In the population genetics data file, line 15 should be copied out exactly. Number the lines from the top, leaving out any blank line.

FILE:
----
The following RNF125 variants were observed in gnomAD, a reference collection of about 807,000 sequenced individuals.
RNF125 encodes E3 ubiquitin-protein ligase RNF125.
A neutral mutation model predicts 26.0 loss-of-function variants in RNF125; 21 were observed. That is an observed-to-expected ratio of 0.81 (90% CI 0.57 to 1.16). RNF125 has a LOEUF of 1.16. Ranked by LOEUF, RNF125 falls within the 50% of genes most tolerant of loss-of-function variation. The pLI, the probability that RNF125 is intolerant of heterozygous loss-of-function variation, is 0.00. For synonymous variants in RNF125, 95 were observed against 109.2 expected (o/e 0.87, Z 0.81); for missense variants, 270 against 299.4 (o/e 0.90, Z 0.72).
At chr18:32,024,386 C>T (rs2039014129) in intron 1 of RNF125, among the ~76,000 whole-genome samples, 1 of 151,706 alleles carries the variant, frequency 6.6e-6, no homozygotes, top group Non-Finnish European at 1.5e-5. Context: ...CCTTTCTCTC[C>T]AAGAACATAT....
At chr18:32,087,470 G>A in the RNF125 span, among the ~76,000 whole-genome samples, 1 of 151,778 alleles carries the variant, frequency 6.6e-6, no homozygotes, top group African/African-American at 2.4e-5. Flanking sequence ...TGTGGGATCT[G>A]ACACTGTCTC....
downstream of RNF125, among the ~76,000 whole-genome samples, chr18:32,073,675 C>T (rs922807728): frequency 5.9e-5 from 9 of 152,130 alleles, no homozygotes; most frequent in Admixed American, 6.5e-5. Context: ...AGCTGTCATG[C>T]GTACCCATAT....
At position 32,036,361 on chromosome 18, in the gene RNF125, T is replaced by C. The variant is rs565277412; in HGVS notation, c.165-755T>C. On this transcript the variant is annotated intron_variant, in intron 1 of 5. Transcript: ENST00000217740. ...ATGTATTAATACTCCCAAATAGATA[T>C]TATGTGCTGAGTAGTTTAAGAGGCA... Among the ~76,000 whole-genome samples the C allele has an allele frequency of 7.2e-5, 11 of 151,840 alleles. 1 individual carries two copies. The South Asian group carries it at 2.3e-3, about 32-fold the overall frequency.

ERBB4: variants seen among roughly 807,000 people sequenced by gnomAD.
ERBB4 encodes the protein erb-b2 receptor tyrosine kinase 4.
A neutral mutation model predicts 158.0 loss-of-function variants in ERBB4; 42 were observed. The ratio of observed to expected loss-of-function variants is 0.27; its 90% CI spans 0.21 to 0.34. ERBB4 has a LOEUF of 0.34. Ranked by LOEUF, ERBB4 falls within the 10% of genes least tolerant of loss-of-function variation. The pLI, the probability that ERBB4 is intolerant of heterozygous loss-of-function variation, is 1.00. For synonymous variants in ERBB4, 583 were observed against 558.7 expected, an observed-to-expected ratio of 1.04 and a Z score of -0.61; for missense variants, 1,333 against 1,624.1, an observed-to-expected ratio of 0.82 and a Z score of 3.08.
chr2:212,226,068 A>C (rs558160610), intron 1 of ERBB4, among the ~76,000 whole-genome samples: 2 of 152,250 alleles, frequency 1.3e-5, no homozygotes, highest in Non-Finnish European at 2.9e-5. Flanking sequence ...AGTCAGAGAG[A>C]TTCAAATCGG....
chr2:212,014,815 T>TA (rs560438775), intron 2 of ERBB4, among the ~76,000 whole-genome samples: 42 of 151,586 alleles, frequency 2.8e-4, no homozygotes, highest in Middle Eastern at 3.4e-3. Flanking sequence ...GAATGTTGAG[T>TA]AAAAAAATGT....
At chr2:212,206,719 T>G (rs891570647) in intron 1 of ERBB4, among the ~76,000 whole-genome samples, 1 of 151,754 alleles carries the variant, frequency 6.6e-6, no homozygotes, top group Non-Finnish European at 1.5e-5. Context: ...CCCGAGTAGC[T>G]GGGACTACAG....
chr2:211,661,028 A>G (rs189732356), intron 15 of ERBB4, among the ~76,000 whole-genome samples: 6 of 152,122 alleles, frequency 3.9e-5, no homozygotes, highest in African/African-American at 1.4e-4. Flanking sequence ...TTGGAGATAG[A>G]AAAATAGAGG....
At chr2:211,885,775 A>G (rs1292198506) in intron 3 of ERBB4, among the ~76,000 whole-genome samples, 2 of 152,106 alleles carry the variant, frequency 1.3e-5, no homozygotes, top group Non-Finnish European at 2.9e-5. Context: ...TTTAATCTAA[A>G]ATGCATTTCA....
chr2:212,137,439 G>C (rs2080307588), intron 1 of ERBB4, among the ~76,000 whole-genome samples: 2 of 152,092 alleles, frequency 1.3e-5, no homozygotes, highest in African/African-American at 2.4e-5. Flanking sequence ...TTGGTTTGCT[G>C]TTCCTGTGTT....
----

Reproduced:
At chr2:211,885,775 A>G (rs1292198506) in intron 3 of ERBB4, among the ~76,000 whole-genome samples, 2 of 152,106 alleles carry the variant, frequency 1.3e-5, no homozygotes, top group Non-Finnish European at 2.9e-5. Context: ...TTTAATCTAA[A>G]ATGCATTTCA....